Men’s Health

Health and Social Care – in the House of Commons am ar 23 Ionawr 2024.

Danfonwch hysbysiad imi am ddadleuon fel hyn

Photo of David Evennett David Evennett Ceidwadwyr, Bexleyheath and Crayford

What steps she is taking to help improve men’s health.

Photo of Maria Caulfield Maria Caulfield The Parliamentary Under-Secretary for Health and Social Care, Parliamentary Under Secretary of State (Department for Business and Trade) (Minister for Women)

I assure my right hon. Friend that this Government are committed to improving men’s health. That is why, in November, we announced a suite of measures, including a £16 million fund for a new prostate cancer screening trial, and the recruitment of a men’s health ambassador. We have also launched our men’s health taskforce to tackle the biggest health issues facing men.

Photo of David Evennett David Evennett Ceidwadwyr, Bexleyheath and Crayford

I thank the Minister for that answer, and I would urge her to continue to make men’s health a top priority. In particular, can she look at how we can detect prostate cancer better and sooner? It is the most common cause of male cancer in the United Kingdom, and anything that can be done to reduce that number will be most welcome.

Photo of Maria Caulfield Maria Caulfield The Parliamentary Under-Secretary for Health and Social Care, Parliamentary Under Secretary of State (Department for Business and Trade) (Minister for Women)

I thank my right hon. Friend and male colleagues on the Government Benches, including my hon. Friend Nick Fletcher, who are fighting so hard to improve men’s health. He is absolutely right: 12,000 men a year die from prostate cancer. That is why we are investing in the £16 million prostate cancer trial called Transform, using methods such as MRI to detect prostate cancer rather than PSA, which can be inaccurate. Thousands of men will be recruited. We are hoping that the trial will start in the spring, with recruitment in the autumn, including the recruitment of black men, who are disproportionately affected by prostate cancer.

Photo of Tim Farron Tim Farron Liberal Democrat Spokesperson (Environment, Food and Rural Affairs), Liberal Democrat Lords Spokesperson (Communities and Local Government)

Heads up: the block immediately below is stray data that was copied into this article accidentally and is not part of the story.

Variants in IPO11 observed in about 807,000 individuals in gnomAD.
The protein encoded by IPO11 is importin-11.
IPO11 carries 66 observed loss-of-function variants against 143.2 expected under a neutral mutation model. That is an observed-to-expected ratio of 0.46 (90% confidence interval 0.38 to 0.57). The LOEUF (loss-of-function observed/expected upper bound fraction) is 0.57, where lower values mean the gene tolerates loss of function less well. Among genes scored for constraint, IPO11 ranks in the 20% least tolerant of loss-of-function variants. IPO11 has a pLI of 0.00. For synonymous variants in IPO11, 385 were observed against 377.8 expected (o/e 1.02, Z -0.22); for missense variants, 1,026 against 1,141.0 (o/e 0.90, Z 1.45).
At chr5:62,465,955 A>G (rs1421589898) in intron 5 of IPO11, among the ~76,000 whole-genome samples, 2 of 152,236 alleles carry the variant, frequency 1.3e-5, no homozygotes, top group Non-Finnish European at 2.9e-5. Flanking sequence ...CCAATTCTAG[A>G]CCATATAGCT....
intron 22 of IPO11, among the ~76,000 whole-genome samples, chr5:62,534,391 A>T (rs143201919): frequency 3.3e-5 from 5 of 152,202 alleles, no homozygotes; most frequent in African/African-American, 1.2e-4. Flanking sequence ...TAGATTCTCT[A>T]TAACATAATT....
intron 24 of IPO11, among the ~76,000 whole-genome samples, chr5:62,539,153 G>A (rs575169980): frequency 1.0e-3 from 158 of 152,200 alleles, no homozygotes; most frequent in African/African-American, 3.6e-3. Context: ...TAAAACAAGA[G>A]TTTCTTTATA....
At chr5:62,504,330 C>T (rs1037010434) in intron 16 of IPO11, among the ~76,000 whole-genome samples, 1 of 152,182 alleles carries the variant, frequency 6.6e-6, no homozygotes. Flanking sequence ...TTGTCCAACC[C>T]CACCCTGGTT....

Does the Minister agree, however, that the information she has just given about why screening for prostate cancer does not happen for men is based on a study that is 20 years old? There are 12,000 deaths a year—it is the biggest killer among men, and the second biggest killer among all people—yet here is this evil cancer for which there is no screening programme whatsoever. Will she take steps to update current NHS guidance to ensure that all those at high risk of prostate cancer receive a targeted early detection service? I think she has hinted that she may be doing that, but will she finally introduce mass screening for prostate cancer? It is the only cancer without specifically commissioned early diagnosis work, and men are dying unnecessarily because of the failure to bring this in.

Photo of Maria Caulfield Maria Caulfield The Parliamentary Under-Secretary for Health and Social Care, Parliamentary Under Secretary of State (Department for Business and Trade) (Minister for Women)

We have more than hinted: we have just announced a £16 million pilot study of prostate cancer screening. We have a plan to tackle those 12,000 deaths a year, and it will work, because until now we have not had a diagnostic test. PSA is not a sensitive test in all prostate cancers: there are many men with prostate cancer who do not express PSA. That is why the Transform study, using detection tools such as MRI, will be trialled, and if they are effective, such tools will be rolled out across the country.